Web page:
Rilke, The Elopement
Often, as a child, she’d run
from her serving women to see the night
and the wind outside, as they began,
(they are so different from inside),
but surely no stormy night had yet
so ripped the enormous park to bits
as now her conscience shredded it,
when he took her from the silken ladder
and carried her further, further, further . . .
until the carriage was all there was.
She smelled it, the dark carriage, as
pursuit and danger loomed around—
She found the coach was lined with cold,
and the dark, cold thing was in her, too.
She crept inside her mantle’s hood,
touched her hair, as though it were to stay,
and, strangely, heard a stranger say:
S5L1 "dark" for "black"
S5L5 was "and the black and cold were in her, too."
S5L6 added comma after "hood" and substituted "crept" for "crouched"
S5L9 added quotation marks, then changed them to italics.
Oft war sie als Kind ihren Dienerinnen
entwichen, um die Nacht und den Wind
(weil sie drinnen so anders sind)
draußen zu sehn an ihrem Beginnen;
doch keine Sturmnacht hatte gewiss
den riesigen Park so in Stücke gerissen,
wie ihn jetzt ihr Gewissen zerriss,
da er sie nahm von der seidenen Leiter
und sie weitertrug, weiter, weiter...:
bis der Wagen alles war.
Und sie roch ihn, den schwarzen Wagen,
um den verhalten das Jagen stand
und die Gefahr.
Und sie fand ihn mit Kaltem ausgeschlagen;
und das Schwarze und Kalte war auch in ihr.
Sie kroch in ihren Mantelkragen
und befühlte ihr Haar, als bliebe es hier,
und hörte fremd einen Fremden sagen:
Often as a child she would escape
from her serving women to the night and the wind
(because they are so different inside)
to see them outdoors at their beginnings;
but certainly no stormy night had
so ripped the enormous park into bits
as her conscience now tore it apart,
when he took her from the silk ladder
and carried her away, further, further . . .
until the carriage was all there was.
And she smelled it, the black carriage,
around which, held back, were pursuit
And she found it lined with cold,
and the black and cold were also in her.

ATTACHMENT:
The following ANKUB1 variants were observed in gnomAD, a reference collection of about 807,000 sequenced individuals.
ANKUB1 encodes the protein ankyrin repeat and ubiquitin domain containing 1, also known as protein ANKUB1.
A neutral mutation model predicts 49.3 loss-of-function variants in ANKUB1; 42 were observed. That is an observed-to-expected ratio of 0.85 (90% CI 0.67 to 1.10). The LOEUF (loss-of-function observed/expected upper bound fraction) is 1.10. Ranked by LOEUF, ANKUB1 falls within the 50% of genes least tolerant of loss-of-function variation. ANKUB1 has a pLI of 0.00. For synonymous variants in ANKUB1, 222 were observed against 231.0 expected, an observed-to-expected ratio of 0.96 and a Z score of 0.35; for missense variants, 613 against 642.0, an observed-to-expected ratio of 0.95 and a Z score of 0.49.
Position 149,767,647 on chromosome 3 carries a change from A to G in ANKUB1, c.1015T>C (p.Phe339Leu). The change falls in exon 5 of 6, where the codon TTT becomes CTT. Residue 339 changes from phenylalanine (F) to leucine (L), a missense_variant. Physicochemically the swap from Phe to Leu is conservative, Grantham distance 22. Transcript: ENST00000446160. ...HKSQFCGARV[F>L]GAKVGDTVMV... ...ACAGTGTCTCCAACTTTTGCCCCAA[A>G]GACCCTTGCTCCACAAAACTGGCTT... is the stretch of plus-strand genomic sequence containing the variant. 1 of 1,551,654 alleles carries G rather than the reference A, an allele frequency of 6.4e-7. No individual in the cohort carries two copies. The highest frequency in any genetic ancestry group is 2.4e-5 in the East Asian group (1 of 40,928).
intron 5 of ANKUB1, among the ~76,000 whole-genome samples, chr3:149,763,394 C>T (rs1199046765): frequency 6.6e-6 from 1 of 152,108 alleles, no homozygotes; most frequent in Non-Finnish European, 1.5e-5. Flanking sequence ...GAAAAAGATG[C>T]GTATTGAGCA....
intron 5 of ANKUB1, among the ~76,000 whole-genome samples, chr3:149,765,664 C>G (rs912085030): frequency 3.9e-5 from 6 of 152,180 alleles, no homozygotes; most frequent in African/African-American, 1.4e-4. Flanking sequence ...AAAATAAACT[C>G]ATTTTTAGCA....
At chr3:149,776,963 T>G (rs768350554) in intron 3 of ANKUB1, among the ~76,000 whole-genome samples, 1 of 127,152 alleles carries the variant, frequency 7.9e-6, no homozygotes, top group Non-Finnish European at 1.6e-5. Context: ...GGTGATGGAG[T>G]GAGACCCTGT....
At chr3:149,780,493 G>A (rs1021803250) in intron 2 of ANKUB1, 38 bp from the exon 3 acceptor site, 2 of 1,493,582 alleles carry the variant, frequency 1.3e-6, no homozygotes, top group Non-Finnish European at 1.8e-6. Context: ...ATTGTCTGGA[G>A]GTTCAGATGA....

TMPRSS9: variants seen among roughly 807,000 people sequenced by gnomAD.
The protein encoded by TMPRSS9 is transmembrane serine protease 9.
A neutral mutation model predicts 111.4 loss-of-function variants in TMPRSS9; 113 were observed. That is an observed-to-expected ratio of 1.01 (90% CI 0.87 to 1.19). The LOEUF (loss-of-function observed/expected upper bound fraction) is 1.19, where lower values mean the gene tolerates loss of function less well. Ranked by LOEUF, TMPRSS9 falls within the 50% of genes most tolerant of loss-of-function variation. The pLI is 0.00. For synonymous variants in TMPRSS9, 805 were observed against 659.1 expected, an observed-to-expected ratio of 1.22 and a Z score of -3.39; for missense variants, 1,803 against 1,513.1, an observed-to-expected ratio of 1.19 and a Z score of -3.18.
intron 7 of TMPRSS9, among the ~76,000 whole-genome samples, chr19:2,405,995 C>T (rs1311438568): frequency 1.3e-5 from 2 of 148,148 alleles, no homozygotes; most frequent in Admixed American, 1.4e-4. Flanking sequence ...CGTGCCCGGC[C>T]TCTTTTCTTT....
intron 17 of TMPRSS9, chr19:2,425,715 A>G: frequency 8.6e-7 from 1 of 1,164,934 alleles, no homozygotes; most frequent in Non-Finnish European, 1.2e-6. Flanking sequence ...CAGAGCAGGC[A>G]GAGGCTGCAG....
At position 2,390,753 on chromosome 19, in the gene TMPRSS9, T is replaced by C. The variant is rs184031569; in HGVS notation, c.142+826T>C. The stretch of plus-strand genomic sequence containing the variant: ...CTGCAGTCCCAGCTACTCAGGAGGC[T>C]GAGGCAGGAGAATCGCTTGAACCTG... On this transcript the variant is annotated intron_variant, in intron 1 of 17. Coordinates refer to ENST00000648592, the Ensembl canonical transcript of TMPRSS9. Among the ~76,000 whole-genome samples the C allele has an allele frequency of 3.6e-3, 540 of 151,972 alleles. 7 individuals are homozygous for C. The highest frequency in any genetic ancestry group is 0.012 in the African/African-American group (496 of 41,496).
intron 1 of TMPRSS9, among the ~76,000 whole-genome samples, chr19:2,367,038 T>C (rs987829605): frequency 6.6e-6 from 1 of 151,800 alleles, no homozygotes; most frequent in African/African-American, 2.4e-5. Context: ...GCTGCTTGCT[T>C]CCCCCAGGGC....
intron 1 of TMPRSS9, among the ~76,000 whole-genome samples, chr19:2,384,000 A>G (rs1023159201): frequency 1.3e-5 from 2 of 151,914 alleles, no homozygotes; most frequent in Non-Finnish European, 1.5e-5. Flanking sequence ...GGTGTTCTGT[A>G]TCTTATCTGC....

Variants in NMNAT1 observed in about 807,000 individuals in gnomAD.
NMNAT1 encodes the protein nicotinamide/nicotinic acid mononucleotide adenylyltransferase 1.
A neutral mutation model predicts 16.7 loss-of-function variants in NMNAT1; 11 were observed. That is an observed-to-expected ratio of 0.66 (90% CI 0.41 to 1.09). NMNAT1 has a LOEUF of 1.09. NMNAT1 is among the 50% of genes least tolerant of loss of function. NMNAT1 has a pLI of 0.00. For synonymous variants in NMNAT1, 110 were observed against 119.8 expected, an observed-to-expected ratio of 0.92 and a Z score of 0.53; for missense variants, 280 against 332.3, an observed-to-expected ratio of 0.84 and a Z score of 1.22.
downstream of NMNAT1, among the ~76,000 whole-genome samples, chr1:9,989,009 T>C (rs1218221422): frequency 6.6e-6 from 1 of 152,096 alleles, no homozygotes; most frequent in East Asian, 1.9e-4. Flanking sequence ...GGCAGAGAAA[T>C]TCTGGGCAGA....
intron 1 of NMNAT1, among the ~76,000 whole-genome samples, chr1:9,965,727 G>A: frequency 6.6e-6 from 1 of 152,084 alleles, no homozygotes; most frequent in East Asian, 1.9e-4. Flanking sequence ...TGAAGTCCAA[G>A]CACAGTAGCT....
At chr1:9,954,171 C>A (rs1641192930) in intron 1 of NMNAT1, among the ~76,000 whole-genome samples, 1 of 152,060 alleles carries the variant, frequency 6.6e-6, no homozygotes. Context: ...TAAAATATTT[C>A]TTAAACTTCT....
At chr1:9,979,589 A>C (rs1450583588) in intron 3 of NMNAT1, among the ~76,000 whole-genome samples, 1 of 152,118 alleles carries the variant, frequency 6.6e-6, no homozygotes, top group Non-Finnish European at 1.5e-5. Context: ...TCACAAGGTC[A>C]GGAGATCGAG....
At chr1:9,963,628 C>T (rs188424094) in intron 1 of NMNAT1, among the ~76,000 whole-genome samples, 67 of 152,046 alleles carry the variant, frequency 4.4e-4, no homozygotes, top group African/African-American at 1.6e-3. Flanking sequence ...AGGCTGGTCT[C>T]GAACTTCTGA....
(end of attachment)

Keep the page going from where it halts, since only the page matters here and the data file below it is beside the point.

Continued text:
She crept into her mantle’s collar
and touched her hair, as if it were to remain here,
and heard—strangely—a stranger say:
More fine work. Three small nits: I’d say what’s black and cold, since it’s Kalte not Kaelte; I’d maybe use crept for kroch; and I’d put a comma after hood. That’s it on first read.
John, I took your suggestions and made a few other small changes. I decided that "black" might suggest the color of the carriage, whereas I think it refers to the darkness inside it.
(Continuing the discussion from your "The Angel" thread....)
Actually, I don't see "The Elopement" as an elopement at all, even if the protagonist climbed down the silken ladder willingly. "The Kidnapping" might be a better title, given the "As a child" flashback with which the poem begins, and her disillusionment now as she realizes that this cold, cold new reality does not match her romantic daydreams.
But I'm pretty sure that the "stranger's" voice is "strange" because it is inhuman, or why would Rilke squishitalltogetherlikethis? I think there's more to that unorthodox presentation of the words than just haste. (And that's what the voice of God--or the figment of my imagination that I associate with the voice of God--has always sounded like to me, on the handful of occasions that I have "heard" it: words that are perfectly intelligible, but inaudible.)
Standard caveat that I generally have only the vaguest idea of what Rilke is up to.
Julie, there are several reasons that I think this poem is describing an elopement, not a kidnapping. The woman's innocent attraction to danger and violence as a child is contrasted to what she is doing now, and her conscience is described as doing violence to her home, tearing the grounds to bits. I think this symbolizes her feelings that she can't go home again, but also that she is hurting those she leaves behind. Pursuit is equated to danger, whereas pursuit would mean rescue if she were going unwillingly. I suspect that she is having second thoughts now that it is too late. The running together of the stranger's words just emphasizes how alien he has become to her, as if he is speaking a different language (when I hear a language I don't know, it is hard to tell where one word ends and another begins). These are just the assumptions that I made as I read the poem, so I don't know whether they are what Rilke meant to suggest. Every translation is a working hypothesis.
Okay, I can accept that. Thanks, Susan.
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